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Have you heard?

Provided by Hearing Lifestyles, LLC
Fifty million Americans experience tinnitus or ringing in the ear. Of these, about 16 million have severe enough tinnitus to seek medical attention and about two million patients are so seriously debilitated that they cannot function on a day-to-day basis.
Last month we reviewed  possible causes for tinnitus.  The American Tinnitus Association is constantly supporting tinnitus research to find a cure.  They have suggested the following tips to manage your tinnitus.
Do not panic. Tinnitus is usually not a sign of a serious medical condition. Developing tinnitus means you have undergone a significant physical, emotional or maybe even life-style change that should be reviewed with your primary care physician.

See an audiologist or ear, nose and throat specialist (ENT) experienced in tinnitus treatment.
Review your current medications (prescription, over-the-counter, vitamins and other supplements) with your medical professional to find possible causes of your tinnitus. (Do not stop taking medications without consulting with your health care professional.)
Be wary of a hopeless diagnosis or physician advice like, “There’s nothing you can do about your tinnitus. Go home and live with it.”
Be a detective. Keep track of what triggers your tinnitus.
Examine your lifestyle to find ways to eliminate or reduce stress; stress can make tinnitus worse.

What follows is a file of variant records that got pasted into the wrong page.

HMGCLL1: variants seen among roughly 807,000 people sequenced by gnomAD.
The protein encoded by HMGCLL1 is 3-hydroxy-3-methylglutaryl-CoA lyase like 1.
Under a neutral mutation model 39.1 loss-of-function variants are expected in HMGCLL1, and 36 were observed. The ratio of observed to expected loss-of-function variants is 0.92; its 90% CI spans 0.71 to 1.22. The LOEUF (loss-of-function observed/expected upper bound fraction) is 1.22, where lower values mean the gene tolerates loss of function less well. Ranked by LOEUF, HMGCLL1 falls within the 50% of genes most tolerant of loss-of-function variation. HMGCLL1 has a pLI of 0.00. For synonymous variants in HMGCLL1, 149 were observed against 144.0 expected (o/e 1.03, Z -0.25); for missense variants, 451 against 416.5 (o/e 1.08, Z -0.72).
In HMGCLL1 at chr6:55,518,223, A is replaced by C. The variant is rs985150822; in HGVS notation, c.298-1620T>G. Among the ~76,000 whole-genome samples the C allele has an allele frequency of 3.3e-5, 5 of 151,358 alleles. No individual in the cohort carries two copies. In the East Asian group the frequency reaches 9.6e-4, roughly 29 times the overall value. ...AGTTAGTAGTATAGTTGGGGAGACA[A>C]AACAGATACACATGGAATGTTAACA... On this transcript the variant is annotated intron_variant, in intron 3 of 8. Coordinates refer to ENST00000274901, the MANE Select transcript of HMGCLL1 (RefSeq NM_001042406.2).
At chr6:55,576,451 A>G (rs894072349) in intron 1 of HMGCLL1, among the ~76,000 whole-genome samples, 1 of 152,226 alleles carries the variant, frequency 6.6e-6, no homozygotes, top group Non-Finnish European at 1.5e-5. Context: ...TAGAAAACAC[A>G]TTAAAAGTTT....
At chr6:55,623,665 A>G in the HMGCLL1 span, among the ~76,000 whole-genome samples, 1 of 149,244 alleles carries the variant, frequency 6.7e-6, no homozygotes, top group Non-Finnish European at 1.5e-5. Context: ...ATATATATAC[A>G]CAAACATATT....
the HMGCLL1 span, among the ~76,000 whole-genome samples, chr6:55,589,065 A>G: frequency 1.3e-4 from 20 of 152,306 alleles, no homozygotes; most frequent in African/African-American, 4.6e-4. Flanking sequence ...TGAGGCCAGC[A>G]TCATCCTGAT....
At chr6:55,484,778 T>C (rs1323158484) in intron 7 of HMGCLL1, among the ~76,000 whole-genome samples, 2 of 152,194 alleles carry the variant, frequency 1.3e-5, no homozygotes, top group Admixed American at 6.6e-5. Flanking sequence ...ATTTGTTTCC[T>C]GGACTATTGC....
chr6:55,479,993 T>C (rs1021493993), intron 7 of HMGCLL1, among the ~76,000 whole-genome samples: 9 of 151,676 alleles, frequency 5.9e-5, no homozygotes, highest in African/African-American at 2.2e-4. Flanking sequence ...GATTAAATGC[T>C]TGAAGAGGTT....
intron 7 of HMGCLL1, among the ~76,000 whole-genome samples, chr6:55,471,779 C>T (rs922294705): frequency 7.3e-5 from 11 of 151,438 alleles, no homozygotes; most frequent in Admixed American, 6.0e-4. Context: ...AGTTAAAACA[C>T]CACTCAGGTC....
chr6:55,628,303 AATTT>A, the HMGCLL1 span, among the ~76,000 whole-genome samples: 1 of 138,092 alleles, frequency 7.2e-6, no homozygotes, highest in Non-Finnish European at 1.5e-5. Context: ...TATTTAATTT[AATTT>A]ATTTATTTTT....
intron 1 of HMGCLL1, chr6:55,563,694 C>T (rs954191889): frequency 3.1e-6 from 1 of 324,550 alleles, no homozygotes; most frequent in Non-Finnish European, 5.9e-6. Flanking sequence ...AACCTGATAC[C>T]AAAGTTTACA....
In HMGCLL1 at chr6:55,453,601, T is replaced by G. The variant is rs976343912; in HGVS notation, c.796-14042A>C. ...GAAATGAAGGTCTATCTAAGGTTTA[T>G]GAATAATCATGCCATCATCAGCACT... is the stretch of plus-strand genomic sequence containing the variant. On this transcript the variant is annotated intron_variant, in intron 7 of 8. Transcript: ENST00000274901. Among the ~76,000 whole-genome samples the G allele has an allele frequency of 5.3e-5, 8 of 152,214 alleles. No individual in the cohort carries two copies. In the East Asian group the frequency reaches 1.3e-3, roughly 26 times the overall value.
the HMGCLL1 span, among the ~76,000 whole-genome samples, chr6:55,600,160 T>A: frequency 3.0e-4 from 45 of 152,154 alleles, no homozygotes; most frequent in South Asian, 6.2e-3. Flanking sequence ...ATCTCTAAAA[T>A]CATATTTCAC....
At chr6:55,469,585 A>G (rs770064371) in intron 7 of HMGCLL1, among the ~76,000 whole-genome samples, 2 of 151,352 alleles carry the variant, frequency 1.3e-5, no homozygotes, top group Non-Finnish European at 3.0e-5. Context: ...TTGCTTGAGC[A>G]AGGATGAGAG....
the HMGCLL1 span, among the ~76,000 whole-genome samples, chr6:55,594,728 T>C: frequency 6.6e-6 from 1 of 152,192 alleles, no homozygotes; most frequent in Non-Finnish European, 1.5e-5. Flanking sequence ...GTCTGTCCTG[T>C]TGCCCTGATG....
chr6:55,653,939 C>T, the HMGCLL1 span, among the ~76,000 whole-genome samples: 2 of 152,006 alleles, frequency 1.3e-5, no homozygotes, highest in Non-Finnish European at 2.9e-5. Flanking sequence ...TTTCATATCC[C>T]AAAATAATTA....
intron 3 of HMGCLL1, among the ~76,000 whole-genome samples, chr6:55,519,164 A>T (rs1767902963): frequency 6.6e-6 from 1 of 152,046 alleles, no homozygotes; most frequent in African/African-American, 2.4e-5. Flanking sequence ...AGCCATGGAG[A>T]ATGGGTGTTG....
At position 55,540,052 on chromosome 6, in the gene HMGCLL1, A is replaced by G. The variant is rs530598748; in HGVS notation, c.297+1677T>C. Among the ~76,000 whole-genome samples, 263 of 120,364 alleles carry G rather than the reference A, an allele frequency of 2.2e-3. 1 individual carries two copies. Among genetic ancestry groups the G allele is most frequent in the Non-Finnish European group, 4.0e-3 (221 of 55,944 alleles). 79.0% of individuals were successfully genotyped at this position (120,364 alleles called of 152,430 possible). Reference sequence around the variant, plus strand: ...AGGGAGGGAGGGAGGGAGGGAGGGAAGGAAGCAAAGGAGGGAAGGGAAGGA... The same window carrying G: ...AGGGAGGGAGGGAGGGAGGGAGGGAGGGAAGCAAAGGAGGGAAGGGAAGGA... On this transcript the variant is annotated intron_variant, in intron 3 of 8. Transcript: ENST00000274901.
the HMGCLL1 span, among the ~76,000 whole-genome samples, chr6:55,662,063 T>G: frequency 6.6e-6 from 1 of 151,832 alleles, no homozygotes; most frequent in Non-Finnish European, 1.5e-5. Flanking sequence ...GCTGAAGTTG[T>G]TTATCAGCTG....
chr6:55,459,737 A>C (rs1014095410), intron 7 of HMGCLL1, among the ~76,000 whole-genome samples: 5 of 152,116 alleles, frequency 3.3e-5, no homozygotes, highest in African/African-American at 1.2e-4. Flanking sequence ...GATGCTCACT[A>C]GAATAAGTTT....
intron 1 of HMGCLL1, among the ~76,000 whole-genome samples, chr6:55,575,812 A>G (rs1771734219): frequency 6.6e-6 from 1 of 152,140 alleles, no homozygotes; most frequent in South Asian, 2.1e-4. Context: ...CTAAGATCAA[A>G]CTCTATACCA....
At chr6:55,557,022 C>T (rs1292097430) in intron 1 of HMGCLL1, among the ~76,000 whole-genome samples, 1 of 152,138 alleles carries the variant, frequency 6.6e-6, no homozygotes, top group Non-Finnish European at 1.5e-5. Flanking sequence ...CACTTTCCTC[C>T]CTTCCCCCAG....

Pay attention to what you eat. One-by-one, eliminate possible sources of tinnitus aggravation, e.g., salt, artificial sweeteners, sugar, alcohol, tobacco and caffeine.
Protect yourself from further auditory damage by avoiding loud places and by using earplugs when you can not avoid loud noise.
If you are experiencing hearing difficulty in addition to your tinnitus, investigate what hearing aid can do to help reduce the negative affects of tinnitus as well as improve your understanding ability.
Do not blame yourself. Remember, as we learned last month, the causes of tinnitus are varied and difficult to determine.
Educate your family, friends and co-workers about tinnitus. Let them know although they cannot “see” or “hear” it to understand you have it..
Find a support group that will truly understand your struggles with tinnitus and help you sort out useful from useless information. You will find compassion, companionship and coping strategies. There are support groups in Charlotte, Pineville and Greensboro.
For more information or to schedule a tinnitus evaluation, please contact our office at Hearing Lifestyles, 704-633-0023

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